Additionally, this lends credence to how I am feeling annoyed with people. My nervous system is in a constant state of arousal, thus continuously triggering the need pump out adrenaline and cortisol. This is allowing me to feel the Fight sensation and become more agitated with others. If you are like me, then you might be able to relate. Now that there is a rational understanding of how the current pandemic is triggering the Fight experience and leading us to become frustrated with people, I want to offer you a few ways to help reduce your frustration.
1) You don’t have to judge yourself. While you see people posting wonderful things that they are doing on their social media platforms, put your own experience into context. If you are living in the lower 2 levels of the Hierarchy of Needs, there is little chance of being able to work out like a professional athlete, bake like your competing on The Great British Baking Show, or refinish your bathrooms. Remember, social comparison is the thief of joy.
2) Apply the understanding that your experience of annoyance is also being shared by others. We are all in a similar situation, feeling a lot of the similar feelings associated with being victimized by the pandemic. This doesn’t immediately take your frustrations away, but if practiced regularly, it will begin to deflate the intensity and duration of your frustration.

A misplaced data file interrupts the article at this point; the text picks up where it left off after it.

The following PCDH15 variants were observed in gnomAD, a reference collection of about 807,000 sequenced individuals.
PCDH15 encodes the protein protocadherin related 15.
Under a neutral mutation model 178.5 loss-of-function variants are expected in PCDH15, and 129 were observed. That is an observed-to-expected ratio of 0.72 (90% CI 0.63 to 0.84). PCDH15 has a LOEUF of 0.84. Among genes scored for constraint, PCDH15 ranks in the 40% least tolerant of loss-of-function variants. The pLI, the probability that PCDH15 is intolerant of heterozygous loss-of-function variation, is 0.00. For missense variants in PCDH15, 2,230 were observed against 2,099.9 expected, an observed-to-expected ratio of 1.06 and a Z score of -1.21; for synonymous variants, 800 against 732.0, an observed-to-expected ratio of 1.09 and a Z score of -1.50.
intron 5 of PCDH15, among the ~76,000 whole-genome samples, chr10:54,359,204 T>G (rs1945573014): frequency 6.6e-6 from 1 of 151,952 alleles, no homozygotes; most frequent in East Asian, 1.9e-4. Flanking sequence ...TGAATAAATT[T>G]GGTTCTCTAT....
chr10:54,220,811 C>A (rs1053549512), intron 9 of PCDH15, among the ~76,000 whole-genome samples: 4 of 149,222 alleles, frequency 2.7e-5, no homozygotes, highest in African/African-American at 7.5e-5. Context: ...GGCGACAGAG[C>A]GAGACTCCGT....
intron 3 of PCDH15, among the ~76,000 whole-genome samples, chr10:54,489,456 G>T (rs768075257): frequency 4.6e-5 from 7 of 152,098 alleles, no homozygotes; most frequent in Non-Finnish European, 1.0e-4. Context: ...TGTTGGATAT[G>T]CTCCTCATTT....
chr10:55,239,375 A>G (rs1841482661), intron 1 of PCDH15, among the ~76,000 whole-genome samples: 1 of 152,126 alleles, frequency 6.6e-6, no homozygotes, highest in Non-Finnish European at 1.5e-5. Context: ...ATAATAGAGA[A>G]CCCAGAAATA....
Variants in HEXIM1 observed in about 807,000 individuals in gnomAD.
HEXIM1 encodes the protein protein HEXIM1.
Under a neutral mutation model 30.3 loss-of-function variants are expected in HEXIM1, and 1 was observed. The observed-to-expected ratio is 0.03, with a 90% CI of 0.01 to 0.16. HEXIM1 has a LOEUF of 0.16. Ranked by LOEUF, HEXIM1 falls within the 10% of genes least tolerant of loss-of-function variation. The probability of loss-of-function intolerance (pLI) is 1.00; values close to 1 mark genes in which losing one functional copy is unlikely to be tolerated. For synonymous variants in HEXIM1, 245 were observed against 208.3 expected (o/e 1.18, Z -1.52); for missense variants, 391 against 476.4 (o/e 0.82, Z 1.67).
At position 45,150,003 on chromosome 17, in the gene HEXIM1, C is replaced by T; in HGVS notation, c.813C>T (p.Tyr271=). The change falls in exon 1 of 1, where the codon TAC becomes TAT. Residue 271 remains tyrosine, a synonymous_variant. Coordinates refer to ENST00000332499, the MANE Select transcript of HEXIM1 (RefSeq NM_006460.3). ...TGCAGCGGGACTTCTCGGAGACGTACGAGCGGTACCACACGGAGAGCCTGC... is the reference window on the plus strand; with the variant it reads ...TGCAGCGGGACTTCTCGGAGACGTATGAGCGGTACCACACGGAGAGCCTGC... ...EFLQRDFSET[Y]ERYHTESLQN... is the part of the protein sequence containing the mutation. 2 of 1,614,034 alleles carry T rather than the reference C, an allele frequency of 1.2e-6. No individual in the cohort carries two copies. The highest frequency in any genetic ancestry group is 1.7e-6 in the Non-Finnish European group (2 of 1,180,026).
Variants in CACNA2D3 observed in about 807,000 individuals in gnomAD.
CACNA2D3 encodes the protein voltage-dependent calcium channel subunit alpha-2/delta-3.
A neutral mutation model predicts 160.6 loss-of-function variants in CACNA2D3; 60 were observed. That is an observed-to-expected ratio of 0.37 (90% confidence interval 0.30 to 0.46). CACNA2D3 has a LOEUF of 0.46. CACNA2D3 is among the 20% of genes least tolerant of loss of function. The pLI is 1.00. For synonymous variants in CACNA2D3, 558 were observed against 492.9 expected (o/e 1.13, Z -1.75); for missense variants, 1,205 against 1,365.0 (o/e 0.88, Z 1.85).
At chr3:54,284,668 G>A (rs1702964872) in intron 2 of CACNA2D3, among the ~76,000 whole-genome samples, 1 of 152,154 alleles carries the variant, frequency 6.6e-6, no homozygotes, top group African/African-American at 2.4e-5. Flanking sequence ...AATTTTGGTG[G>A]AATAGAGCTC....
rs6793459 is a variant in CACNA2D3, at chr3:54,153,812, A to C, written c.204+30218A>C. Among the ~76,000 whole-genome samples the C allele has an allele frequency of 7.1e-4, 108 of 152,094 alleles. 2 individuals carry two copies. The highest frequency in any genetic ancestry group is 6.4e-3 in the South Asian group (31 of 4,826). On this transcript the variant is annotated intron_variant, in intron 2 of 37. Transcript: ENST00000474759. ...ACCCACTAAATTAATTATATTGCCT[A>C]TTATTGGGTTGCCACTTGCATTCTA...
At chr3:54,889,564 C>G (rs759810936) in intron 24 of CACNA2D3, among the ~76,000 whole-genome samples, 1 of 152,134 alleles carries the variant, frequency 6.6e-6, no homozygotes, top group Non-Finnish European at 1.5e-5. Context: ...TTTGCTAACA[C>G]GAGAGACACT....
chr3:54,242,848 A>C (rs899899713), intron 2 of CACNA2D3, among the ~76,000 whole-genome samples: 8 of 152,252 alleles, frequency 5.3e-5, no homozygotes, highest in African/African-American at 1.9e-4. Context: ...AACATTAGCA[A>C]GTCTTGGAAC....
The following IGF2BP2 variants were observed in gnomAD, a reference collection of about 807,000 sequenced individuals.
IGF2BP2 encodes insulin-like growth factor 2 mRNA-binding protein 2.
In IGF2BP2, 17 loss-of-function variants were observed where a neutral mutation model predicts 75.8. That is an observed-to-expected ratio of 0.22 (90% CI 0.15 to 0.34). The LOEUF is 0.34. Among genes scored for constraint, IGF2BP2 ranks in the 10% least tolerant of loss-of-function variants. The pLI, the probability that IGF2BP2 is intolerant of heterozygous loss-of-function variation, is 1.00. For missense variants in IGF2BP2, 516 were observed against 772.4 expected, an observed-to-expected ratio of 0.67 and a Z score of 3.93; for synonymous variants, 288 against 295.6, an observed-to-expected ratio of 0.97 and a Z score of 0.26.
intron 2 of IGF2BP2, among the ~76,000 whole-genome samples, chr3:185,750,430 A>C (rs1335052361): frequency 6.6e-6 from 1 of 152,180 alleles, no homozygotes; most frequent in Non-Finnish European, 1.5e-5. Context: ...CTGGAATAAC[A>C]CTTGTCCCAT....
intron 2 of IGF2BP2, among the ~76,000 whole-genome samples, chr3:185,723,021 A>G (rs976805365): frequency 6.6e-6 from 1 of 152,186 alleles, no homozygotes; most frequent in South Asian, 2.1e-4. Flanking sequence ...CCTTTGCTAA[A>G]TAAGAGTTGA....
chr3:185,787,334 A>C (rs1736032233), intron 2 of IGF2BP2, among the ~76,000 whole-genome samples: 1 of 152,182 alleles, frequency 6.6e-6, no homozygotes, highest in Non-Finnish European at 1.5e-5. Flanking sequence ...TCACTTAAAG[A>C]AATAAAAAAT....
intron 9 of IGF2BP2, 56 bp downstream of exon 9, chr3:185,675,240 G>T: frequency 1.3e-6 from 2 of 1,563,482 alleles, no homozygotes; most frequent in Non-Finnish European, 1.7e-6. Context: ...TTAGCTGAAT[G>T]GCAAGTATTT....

3) Try to apply a mindfulness regimen to your day. If you don’t have time to add something new to your day, then find something that you do on a regular basis but do it mindfully. This means to focus all of your thoughts and attention on that activity. Place your entire focus onto the activity and keep redirecting any thoughts that stray back to the task at hand. Showering, brushing your teeth, exercising, etc. The mind can wander during mundane tasks. Bring your focus back as much as possible during these times. The more you practice this exercise, the easier you will be able to redirect any thoughts that lead to unhelpful emotions.
4) Exercise. Get the body moving. Work off some of the adrenaline and cortisol that is being stored. This can also improve sleep patterns, if done on a regular basis.
5) Food affects mood. Be mindful of what you are putting into your body. It is easy to grab some chips or an extra cookie, but is it helpful? I’m not saying that you don’t deserve a reward every now and again, especially during times that are stressful like these. Just be aware of how many cookies you are eating and try to add a carrot into your diet when possible.
6) Refer to my previous blog about the grief process that occurs during times in life when it feels like choice has been removed from you.
7) Seek out feel good news stories to help break the negative addictive cycle of stressful news. An example would be John Krasinski’s “Some Good News” on YouTube.
8) Journal your thoughts, worries, concerns, fears, etc. Journaling helps with the processing of what is going on internally.
9) Find a place where you can vent your frustrations. The more we hold our thoughts and feelings in, the more they seem to sneak out when it isn’t helpful and/or productive. Call The Center for Trauma, Stress, and Anxiety to make a telehealth appointment at (443) 567-7037.